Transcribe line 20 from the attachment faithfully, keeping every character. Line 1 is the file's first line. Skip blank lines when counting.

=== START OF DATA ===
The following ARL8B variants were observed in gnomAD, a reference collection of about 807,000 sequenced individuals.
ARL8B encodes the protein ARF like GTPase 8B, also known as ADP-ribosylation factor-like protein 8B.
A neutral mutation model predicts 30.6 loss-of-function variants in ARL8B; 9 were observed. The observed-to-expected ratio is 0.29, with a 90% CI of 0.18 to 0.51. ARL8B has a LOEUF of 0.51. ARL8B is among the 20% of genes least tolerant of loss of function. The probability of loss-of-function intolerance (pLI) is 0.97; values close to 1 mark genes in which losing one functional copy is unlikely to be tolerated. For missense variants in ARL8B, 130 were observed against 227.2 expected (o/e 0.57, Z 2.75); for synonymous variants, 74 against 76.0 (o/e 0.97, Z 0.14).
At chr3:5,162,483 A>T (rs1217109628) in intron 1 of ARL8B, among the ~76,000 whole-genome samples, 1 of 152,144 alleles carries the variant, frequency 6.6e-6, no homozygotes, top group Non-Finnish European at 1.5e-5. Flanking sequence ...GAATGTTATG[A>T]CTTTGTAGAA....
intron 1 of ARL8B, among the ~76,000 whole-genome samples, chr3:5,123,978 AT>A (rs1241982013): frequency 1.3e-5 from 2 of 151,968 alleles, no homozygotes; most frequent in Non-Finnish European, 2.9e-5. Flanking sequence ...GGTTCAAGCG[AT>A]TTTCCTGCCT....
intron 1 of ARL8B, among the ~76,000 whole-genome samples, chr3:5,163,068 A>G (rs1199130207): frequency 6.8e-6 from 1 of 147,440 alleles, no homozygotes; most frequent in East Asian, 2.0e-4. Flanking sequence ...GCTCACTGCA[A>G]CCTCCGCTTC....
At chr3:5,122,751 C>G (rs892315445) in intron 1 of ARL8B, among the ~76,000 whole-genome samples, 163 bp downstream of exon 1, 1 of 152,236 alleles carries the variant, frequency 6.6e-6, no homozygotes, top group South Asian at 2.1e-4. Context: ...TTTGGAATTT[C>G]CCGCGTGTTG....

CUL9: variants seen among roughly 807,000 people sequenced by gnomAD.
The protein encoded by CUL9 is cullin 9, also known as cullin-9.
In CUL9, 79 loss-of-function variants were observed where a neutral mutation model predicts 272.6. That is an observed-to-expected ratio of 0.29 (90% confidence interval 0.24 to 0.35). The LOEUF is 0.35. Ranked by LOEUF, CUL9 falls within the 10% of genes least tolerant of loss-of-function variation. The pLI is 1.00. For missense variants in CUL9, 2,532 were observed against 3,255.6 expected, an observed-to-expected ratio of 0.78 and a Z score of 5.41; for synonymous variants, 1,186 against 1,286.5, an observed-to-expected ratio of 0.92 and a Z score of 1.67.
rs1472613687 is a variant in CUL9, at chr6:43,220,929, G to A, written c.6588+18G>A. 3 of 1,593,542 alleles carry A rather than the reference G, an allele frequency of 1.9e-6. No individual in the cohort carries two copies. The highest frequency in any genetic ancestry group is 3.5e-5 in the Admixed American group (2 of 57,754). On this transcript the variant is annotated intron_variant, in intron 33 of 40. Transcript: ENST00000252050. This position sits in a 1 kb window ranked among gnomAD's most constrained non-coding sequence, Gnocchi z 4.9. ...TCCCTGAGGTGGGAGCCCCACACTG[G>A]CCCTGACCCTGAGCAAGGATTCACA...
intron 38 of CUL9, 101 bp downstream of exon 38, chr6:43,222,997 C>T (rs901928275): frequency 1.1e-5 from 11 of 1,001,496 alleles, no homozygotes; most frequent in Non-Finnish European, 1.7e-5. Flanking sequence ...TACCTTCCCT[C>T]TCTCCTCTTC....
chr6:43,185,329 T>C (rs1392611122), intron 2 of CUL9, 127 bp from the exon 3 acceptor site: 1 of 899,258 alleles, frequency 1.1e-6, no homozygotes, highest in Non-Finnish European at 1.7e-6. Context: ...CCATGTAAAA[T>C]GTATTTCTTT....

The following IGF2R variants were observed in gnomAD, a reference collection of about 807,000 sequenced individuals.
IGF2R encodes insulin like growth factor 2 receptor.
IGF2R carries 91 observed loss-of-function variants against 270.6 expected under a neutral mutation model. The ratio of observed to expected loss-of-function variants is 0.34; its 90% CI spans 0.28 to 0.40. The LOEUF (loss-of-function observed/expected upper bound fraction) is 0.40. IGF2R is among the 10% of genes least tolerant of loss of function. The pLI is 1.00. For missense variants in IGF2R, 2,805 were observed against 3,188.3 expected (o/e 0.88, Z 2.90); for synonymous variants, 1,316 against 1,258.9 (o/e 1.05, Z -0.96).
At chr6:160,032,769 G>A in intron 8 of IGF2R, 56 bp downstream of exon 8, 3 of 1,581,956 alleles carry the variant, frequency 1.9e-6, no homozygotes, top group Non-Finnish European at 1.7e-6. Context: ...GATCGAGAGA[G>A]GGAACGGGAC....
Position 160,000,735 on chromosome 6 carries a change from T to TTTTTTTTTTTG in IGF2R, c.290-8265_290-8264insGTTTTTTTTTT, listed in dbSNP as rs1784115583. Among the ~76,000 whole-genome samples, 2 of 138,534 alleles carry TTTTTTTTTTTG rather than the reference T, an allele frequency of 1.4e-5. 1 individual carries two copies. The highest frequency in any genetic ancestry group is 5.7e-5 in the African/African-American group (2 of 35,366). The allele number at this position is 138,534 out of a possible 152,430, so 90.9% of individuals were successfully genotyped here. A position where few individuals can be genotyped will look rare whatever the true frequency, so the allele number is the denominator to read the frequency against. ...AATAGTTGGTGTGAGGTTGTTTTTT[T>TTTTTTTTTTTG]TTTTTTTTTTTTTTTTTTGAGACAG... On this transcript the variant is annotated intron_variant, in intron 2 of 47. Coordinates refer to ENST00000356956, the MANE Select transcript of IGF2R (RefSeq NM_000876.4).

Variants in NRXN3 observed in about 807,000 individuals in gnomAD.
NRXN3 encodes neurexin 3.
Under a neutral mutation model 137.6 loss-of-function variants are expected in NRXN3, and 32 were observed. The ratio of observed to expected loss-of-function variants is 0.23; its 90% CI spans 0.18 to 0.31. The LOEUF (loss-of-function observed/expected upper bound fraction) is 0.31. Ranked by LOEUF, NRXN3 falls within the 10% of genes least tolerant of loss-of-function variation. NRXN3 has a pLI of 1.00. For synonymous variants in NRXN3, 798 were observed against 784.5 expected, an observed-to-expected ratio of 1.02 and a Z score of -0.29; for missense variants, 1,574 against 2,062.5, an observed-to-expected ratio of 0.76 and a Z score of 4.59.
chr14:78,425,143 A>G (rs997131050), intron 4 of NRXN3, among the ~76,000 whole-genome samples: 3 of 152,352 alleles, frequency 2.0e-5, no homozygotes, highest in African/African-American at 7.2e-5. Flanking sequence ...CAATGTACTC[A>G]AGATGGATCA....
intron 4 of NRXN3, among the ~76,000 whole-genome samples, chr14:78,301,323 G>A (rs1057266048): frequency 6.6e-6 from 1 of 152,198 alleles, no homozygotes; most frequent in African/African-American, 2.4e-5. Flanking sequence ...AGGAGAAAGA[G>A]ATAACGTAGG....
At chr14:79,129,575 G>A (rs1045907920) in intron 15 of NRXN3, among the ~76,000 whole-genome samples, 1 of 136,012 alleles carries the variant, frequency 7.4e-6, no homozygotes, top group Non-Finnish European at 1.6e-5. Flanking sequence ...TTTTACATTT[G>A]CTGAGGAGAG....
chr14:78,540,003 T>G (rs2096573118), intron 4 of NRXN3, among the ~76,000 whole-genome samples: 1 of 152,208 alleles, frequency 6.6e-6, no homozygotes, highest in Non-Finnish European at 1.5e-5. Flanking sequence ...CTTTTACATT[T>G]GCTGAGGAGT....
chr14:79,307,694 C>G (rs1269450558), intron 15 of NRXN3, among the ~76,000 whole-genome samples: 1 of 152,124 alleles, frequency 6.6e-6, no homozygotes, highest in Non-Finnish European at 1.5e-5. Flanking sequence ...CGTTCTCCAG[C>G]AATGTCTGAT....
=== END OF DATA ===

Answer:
NRXN3 encodes neurexin 3.